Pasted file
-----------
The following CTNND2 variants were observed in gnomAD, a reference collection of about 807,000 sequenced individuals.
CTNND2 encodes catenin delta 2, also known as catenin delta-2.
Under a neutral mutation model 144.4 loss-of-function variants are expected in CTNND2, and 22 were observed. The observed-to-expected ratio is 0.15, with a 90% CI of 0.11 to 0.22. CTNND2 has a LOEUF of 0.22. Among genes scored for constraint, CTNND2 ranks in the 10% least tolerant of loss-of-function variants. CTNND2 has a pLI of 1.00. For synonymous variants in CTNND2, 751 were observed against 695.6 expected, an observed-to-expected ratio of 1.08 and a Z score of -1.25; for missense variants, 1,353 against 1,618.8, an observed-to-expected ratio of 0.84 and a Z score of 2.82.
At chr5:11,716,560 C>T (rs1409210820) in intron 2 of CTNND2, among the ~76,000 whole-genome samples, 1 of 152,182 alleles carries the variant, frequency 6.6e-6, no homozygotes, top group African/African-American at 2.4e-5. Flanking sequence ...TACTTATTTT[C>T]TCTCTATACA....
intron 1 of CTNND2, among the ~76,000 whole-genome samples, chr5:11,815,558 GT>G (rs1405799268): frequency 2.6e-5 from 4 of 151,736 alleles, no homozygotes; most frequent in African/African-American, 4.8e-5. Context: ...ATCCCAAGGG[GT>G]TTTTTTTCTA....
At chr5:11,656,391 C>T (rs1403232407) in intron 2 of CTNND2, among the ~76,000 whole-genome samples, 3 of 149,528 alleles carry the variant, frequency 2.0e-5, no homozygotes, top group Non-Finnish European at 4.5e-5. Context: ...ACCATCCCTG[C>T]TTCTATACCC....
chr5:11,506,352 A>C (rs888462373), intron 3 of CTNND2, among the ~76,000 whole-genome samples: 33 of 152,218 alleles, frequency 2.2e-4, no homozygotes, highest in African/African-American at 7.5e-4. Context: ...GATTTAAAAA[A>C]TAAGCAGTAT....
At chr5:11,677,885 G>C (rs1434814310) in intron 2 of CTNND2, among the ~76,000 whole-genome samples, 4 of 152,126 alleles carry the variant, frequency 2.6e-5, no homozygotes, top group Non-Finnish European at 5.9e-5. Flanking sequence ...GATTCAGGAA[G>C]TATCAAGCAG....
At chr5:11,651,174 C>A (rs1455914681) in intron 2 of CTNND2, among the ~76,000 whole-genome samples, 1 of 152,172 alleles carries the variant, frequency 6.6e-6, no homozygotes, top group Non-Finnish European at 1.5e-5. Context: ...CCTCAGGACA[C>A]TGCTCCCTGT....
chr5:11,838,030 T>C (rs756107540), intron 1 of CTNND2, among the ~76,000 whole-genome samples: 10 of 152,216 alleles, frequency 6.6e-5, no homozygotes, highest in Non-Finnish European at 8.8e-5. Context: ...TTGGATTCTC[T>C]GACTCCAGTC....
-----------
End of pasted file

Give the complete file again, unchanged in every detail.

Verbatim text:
The following CTNND2 variants were observed in gnomAD, a reference collection of about 807,000 sequenced individuals.
CTNND2 encodes catenin delta 2, also known as catenin delta-2.
Under a neutral mutation model 144.4 loss-of-function variants are expected in CTNND2, and 22 were observed. The observed-to-expected ratio is 0.15, with a 90% CI of 0.11 to 0.22. CTNND2 has a LOEUF of 0.22. Among genes scored for constraint, CTNND2 ranks in the 10% least tolerant of loss-of-function variants. CTNND2 has a pLI of 1.00. For synonymous variants in CTNND2, 751 were observed against 695.6 expected, an observed-to-expected ratio of 1.08 and a Z score of -1.25; for missense variants, 1,353 against 1,618.8, an observed-to-expected ratio of 0.84 and a Z score of 2.82.
At chr5:11,716,560 C>T (rs1409210820) in intron 2 of CTNND2, among the ~76,000 whole-genome samples, 1 of 152,182 alleles carries the variant, frequency 6.6e-6, no homozygotes, top group African/African-American at 2.4e-5. Flanking sequence ...TACTTATTTT[C>T]TCTCTATACA....
intron 1 of CTNND2, among the ~76,000 whole-genome samples, chr5:11,815,558 GT>G (rs1405799268): frequency 2.6e-5 from 4 of 151,736 alleles, no homozygotes; most frequent in African/African-American, 4.8e-5. Context: ...ATCCCAAGGG[GT>G]TTTTTTTCTA....
At chr5:11,656,391 C>T (rs1403232407) in intron 2 of CTNND2, among the ~76,000 whole-genome samples, 3 of 149,528 alleles carry the variant, frequency 2.0e-5, no homozygotes, top group Non-Finnish European at 4.5e-5. Context: ...ACCATCCCTG[C>T]TTCTATACCC....
chr5:11,506,352 A>C (rs888462373), intron 3 of CTNND2, among the ~76,000 whole-genome samples: 33 of 152,218 alleles, frequency 2.2e-4, no homozygotes, highest in African/African-American at 7.5e-4. Context: ...GATTTAAAAA[A>C]TAAGCAGTAT....
At chr5:11,677,885 G>C (rs1434814310) in intron 2 of CTNND2, among the ~76,000 whole-genome samples, 4 of 152,126 alleles carry the variant, frequency 2.6e-5, no homozygotes, top group Non-Finnish European at 5.9e-5. Flanking sequence ...GATTCAGGAA[G>C]TATCAAGCAG....
At chr5:11,651,174 C>A (rs1455914681) in intron 2 of CTNND2, among the ~76,000 whole-genome samples, 1 of 152,172 alleles carries the variant, frequency 6.6e-6, no homozygotes, top group Non-Finnish European at 1.5e-5. Context: ...CCTCAGGACA[C>A]TGCTCCCTGT....
chr5:11,838,030 T>C (rs756107540), intron 1 of CTNND2, among the ~76,000 whole-genome samples: 10 of 152,216 alleles, frequency 6.6e-5, no homozygotes, highest in Non-Finnish European at 8.8e-5. Context: ...TTGGATTCTC[T>C]GACTCCAGTC....